World-class Test batsman Younis Khan said in an interview that he may reconsider his retirement plans if the Pakistani team still needs him, Australian media reported Saturday.

The 39-year-old record-breaking cricketer had announced his retirement from international cricket earlier in April.

However, ahead of the first Test in Jamaica, Khan told cricket.com.au that though he believed it was the right time for him to retire, he would consider revising his decision if Pakistan requests him continue playing.

"I could have played more... But I think the right time to retire is when people want you to stay, not when they are thinking your time is up," he said. "I think it is a good time for me retire."

"If they (Pakistan) request me or people want me then why not? But it all depends on my team."

Earlier, Misbah-ul-Haq, captain of Pakistan's Test team, also announced the Test series in the Caribbean will be his last.

In his column at cricket.com.au, he said he has urged Khan to reconsider his decision to retire, adding that he is vital for the team and that the "gap left by Younis' absence will be difficult to fill".

"I talked to him about it in Australia and told him that you can play on," he said.

"My personal feeling is that Pakistan still needs Younis Khan and he can play for another year or two, but I'm not sure if others agree with me or not."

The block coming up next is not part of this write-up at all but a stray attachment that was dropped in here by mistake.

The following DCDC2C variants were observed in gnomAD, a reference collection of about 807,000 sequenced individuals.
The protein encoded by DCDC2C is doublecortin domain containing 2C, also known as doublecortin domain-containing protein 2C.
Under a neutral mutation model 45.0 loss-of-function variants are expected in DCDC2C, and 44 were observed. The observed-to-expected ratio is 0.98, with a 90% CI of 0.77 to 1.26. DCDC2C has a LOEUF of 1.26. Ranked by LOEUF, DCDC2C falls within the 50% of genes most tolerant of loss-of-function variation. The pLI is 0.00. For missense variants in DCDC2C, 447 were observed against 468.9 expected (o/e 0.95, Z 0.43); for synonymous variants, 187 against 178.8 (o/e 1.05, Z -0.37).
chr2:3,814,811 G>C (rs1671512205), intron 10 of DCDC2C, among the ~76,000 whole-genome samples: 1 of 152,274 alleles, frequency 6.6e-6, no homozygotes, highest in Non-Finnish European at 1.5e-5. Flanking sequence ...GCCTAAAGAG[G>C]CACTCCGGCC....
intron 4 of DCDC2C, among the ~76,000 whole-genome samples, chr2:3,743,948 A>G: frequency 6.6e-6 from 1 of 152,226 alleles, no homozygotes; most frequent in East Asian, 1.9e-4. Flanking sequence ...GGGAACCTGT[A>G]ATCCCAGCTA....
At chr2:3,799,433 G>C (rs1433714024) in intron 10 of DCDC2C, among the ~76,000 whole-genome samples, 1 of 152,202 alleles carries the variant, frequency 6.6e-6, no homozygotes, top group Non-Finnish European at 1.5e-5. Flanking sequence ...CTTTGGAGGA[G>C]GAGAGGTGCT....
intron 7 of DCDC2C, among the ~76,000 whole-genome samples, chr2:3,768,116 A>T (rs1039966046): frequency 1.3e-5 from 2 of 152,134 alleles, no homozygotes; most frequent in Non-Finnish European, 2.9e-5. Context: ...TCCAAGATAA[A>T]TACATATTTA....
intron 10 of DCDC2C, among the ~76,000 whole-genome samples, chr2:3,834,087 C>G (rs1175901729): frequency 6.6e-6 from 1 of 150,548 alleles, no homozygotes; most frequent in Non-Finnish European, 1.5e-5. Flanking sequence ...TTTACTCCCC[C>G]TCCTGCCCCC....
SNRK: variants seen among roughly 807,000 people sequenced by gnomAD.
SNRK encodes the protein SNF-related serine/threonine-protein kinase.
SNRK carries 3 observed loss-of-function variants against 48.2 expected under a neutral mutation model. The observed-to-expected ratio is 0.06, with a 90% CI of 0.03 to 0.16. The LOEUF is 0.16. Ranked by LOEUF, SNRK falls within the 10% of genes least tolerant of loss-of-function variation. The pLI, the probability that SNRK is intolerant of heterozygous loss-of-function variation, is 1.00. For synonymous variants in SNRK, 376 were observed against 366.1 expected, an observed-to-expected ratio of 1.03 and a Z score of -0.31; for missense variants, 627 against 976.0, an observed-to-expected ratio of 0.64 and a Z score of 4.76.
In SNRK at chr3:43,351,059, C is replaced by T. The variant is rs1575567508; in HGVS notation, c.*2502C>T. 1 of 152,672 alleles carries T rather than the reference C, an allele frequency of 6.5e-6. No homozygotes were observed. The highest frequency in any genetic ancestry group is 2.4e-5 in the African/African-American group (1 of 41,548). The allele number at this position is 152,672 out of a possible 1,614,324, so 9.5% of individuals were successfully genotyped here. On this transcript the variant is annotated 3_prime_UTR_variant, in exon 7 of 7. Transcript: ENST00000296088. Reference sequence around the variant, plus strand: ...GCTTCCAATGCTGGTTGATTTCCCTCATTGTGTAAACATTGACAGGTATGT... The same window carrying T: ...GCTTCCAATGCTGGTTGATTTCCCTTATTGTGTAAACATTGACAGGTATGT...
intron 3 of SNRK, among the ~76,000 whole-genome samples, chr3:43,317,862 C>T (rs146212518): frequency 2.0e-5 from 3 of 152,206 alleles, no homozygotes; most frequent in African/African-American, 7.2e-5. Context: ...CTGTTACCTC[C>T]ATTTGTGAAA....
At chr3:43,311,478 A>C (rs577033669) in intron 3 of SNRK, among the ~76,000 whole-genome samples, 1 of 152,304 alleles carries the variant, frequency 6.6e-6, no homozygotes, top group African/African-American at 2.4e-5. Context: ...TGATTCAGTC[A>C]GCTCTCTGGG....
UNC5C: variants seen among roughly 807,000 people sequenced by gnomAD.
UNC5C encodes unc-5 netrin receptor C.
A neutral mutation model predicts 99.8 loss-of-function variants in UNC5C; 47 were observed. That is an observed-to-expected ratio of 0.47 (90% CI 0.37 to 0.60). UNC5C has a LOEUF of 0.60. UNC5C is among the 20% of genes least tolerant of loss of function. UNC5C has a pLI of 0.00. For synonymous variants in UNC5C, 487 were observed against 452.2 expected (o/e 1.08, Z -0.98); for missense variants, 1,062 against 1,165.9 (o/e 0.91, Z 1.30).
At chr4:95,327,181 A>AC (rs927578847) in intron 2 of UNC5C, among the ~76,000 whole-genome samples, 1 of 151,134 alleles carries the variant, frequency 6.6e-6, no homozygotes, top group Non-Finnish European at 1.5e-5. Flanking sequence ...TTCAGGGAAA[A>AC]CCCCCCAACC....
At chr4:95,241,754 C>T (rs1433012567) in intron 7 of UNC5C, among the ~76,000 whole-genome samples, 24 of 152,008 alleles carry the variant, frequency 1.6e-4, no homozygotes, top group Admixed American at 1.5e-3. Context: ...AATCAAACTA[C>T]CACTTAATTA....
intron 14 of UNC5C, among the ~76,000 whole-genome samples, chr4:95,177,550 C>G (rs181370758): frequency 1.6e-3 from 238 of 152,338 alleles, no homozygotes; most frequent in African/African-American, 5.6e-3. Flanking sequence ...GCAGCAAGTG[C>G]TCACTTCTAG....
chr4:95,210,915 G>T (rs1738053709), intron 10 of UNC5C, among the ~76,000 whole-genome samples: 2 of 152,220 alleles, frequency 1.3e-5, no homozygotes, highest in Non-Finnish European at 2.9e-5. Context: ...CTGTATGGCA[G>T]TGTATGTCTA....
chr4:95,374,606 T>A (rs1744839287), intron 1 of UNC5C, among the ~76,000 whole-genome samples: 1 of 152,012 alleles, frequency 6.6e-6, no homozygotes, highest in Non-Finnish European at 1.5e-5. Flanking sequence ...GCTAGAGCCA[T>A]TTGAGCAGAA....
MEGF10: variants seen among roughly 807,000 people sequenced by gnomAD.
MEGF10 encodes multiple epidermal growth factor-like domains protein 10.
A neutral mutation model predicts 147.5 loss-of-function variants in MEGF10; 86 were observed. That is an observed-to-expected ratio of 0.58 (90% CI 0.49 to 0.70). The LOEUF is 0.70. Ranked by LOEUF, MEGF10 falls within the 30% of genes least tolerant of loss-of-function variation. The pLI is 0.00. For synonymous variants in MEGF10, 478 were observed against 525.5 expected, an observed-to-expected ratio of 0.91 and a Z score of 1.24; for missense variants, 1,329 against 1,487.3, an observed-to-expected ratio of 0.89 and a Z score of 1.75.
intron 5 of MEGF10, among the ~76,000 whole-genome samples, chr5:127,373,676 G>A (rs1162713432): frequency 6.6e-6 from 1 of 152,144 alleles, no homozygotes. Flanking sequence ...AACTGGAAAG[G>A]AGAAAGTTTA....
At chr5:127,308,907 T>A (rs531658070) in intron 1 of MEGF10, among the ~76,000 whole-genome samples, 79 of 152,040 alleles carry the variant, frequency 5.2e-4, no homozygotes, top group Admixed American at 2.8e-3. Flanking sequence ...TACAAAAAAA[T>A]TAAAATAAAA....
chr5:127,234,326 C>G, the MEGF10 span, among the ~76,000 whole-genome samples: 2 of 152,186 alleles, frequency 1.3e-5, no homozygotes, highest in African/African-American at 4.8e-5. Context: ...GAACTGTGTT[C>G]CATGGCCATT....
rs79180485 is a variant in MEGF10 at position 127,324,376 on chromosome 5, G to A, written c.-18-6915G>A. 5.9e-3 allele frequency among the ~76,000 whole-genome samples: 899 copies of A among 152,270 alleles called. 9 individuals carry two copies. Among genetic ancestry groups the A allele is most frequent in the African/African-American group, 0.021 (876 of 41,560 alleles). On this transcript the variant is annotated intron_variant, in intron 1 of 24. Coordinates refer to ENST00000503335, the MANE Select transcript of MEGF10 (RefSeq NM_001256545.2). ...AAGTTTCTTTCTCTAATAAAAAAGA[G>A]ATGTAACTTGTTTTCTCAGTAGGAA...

"The Pakistan team will not just miss him as a batsman, they'll also miss him as a mentor."

"He has been a terrific role model for everyone and it will be very tough to replace him," Misbah wrote.

"Every member of this team, including myself, has learnt a lot from him. He has changed our dressing room culture. If one wants to be successful in professional life, one only needs to regard Younis Khan's organised and punctual lifestyle from breakfast to bed."

Khan has been a busy batsman at the crease. His batting style, in all its uniqueness, drew a fair amount of skepticism, but his ownership of his style remained unapologetic and firm.

He is just 23 runs away from the 10,000-runs mark in Test cricket and is expected to achieve the benchmark in the upcoming Test series against West Indies.

Khan first's major break in international cricket came with his debut Test hundred against Sri Lanka in February 2000 at the Karachi National Stadium.

In the second innings of the match, he scored 107, cementing his place in the team as a strong lower middle-order batsman.

Over the 17-year span of his career, Khan has been a hugely successful batsman. With a Test average of over 50, a triple-hundred, a double-hundred against India in India and a memorable partnership to clinch Pakistan's 3-0 Test whitewash over England, Khan’s career speaks for itself.

Khan also became the only batsman to have scored a century in 11 different countries when he smashed the 34th ton of his career at the Sydney Cricket Ground against Australia in 2016.

One of his major achievements was leading the Pakistani team to win the 2009 T20 World Cup.

While the cricket board would have to work hard to replace Khan, his retirement will bring him closer to pursuing his life-long passion of fishing and spending more time with his family.